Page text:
From Excel 2002 onwards Microsoft introduced the Text -To – Specch feature. It is an interesting function once you explore it. You can get Excel to call out back to you the contents of a range of cells, or get it to call out the cell contents as you actually type the data into your worksheet.

You may wonder- when on earth will I use that?. I did too, at first. But after trying it out I realised. I actually use it frequently. If I need data entry double checked- I get Excel to speak it back to me if no-one else is available. This saves time and stress as it is like having a colleague double check my entries.

This Text To Speech feature is still available but some what hidden now from Excel 2007 onwards. It is not altogether obvious where this feature is hiding. It is still available, and with a small bit of preparation you can still avail of its features.

You will need to spend a few minutes putting the feature on your Quick Access Toobar (QAT) so you actually get using it from a convenient location.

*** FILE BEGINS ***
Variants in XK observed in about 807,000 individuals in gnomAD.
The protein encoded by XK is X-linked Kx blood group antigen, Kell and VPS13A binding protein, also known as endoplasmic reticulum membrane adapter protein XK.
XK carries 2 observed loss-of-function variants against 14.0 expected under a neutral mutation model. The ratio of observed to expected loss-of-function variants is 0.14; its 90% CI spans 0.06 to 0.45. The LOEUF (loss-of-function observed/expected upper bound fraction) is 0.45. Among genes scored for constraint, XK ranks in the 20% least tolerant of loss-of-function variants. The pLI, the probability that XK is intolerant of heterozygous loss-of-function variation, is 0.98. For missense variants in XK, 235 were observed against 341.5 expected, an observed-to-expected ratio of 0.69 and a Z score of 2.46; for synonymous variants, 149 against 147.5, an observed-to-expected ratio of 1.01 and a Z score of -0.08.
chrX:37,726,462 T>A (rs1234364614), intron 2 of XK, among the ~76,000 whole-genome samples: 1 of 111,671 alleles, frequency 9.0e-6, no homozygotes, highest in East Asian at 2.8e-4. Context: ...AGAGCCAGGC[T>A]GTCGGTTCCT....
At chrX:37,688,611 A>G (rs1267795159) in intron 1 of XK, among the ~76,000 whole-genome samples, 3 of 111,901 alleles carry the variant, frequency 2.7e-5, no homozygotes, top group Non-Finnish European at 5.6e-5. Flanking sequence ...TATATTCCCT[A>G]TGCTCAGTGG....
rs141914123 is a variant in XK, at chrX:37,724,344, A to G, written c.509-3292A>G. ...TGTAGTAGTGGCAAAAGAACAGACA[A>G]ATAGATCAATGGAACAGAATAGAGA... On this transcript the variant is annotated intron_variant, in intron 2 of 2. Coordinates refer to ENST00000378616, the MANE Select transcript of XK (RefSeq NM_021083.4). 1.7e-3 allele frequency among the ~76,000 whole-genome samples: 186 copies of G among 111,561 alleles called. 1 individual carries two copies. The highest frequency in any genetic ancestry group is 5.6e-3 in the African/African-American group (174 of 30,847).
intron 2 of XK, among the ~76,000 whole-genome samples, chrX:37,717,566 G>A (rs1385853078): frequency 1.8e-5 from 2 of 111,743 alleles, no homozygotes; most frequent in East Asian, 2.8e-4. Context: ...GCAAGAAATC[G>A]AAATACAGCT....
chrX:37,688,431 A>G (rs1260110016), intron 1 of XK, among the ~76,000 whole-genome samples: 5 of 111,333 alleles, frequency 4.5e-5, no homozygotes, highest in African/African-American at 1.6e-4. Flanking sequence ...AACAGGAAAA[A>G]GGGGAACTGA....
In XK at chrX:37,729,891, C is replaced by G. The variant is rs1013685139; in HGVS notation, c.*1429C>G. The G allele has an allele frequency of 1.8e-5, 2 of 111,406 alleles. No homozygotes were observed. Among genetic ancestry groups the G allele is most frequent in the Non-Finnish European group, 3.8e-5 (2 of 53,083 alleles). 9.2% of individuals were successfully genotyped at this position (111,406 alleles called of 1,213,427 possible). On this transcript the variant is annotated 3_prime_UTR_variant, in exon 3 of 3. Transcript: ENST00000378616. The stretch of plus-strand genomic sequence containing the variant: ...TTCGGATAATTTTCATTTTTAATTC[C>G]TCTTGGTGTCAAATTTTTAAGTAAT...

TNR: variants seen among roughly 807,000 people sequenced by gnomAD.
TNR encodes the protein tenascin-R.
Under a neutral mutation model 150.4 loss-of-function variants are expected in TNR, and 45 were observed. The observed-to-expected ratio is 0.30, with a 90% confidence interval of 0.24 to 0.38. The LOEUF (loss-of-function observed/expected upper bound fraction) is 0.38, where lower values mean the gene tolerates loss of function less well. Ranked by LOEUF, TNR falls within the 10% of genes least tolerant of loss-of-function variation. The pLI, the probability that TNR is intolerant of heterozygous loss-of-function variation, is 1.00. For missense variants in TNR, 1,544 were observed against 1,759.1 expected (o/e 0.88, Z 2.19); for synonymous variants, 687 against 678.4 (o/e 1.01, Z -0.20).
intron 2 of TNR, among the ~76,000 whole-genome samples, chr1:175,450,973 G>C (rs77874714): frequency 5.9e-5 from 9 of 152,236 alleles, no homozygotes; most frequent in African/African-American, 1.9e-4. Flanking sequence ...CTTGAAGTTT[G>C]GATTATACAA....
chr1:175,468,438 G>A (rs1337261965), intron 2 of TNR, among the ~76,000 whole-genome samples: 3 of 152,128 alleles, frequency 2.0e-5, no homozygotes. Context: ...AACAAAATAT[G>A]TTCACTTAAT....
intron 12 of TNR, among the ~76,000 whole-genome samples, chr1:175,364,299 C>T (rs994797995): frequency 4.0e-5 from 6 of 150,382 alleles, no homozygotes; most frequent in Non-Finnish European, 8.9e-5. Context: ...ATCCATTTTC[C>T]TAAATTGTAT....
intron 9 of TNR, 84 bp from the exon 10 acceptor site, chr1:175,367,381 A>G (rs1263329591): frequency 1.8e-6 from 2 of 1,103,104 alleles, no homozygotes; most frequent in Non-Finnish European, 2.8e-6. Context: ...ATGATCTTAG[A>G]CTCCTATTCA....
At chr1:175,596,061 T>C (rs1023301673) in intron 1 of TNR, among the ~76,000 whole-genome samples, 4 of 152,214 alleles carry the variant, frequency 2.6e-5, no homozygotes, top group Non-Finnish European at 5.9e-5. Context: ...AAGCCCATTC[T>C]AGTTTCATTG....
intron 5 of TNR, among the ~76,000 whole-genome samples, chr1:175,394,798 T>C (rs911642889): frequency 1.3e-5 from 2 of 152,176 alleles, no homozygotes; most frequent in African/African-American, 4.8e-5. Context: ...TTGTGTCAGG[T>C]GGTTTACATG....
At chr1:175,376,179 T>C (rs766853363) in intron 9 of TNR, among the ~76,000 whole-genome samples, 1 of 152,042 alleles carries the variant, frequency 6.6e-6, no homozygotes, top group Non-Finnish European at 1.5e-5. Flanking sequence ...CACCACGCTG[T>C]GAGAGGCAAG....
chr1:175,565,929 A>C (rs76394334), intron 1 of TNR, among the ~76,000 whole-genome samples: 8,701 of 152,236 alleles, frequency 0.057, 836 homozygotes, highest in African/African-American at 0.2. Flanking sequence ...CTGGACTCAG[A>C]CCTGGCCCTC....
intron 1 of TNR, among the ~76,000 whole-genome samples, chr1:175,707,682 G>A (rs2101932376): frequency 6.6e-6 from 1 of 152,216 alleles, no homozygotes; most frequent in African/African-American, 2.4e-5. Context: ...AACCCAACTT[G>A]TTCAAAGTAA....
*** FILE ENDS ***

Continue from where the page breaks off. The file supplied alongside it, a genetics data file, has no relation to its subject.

Here is how to put the feature on the QAT

  1. Right Click the QAT
  2. From the Shortcut Menu select Customize Quick Access Toolbar
  3. Click the drop down list
  4. Select Command Not In The Ribbon
  5. Scroll down to items that begin with speech- should be 5 in total and select all of them
  6. Add then Ok

The QAT should have 5 new items on it, these are

  1. Speak Cells
  2. Speak Cells- Stop Speaking Cells
  3. Speak Cells by Columns
  4. Speak by Rows
  5. Speak Cells on Enter

So, lets get using the feature!

To read a range of cells, select the range and select the Speak Cells Button.

To read the data on entry just select the Speak on enter button.

This is a love it or really hate it feature!

You can tweak the settings of this feature somewhat. If you want to change the voice or its speed there is a small bit of control that you have. Where else would this be but in the Control Panel of Windows.

You will find the settings in the Speech Properties. You can change the speed or choose a different voice.

Give this little known feature a go, strange at first but then strangley useful after a while for double checking data entry.



Source by BJ Johnston